U.S. Environmental Protection Agency


Date of this Version



Published in Environmental Toxicology and Pharmacology 18 (2004) 115–125. DOI:10.1016/j.etap.2004.03.012


The protection of human health from the adverse effects of cumulative environmental exposure to chemical mixtures is an important issue. Of particular interest is the detection and characterization of interaction among chemicals in complex mixtures. Response surface methodology, often supported by factorial designs, is the classical statistical experimental approach. Fixed-ratio ray designs, which may include the use of single chemical data in addition to data along mixture ray(s), have been proposed as an alternative approach. Such designs permit a reduction in the amount of experimental effort when the region of interest can be restricted to exposure-relevant mixing ratios. A ‘single chemicals required’ (SCR) approach and a ‘single chemicals not required’ (SCNR) approach are both described. The methods are illustrated with a five-chemical mixture of organophosphorus pesticides—acephate (ACE), diazinon (DIA), chlorpyrifos (CPF), malathion (MAL) and dimethoate (DIM). Their relative proportions in the mixture were based on the relative dietary human exposure estimates of each chemical as projected by the U.S. EPA Dietary Exposure Evaluation Model (DEEM).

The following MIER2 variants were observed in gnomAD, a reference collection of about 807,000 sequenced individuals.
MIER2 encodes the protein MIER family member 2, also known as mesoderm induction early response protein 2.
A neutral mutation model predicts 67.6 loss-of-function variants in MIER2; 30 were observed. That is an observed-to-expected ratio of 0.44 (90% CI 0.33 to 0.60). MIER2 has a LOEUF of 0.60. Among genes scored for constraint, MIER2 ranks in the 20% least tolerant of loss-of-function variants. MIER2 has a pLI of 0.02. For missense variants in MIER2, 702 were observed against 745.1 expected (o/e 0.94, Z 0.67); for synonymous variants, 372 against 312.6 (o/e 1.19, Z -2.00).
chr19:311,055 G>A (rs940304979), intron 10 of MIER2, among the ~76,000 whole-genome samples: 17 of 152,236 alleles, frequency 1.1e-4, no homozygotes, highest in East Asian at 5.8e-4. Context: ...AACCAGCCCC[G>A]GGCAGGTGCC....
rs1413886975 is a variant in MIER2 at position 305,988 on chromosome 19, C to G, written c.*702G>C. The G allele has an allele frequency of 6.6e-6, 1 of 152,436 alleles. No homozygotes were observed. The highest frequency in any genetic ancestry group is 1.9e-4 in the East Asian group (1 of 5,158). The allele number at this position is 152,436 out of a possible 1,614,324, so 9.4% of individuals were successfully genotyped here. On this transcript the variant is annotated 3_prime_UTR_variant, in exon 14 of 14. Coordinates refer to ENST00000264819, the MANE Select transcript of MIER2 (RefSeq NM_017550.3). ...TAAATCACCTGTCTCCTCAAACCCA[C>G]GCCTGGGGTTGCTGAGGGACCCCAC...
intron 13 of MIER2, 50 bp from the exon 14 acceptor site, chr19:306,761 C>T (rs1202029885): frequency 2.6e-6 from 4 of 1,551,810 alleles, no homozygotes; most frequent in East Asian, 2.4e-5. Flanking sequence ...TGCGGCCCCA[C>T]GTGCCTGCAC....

Use of the SCR and SCNR methods for binary endpoints are demonstrated using a dichotomized gait score as an indication of toxicity. For both methods, the overall hypothesis of additivity was rejected, indicating significant departure from additivity when the five pesticides were combined at the specified mixing ratio. By comparison of the predicted response under additivity to the modeled response of the experimental mixture data this departure from additivity was characterized as synergy (greater than additive toxicity). To examine the influence of malathion in the mixture, it was removed from the five-pesticide mixture (full ray) and the remaining four chemicals (reduced ray) were combined at the same relative proportions used in the full fixed-ratio ray There was not a significant departure from additivity along the ray with the four remaining pesticides omitting malathion. Thus, although malathion was not dose-responsive alone, it significantly interacted with the other pesticides.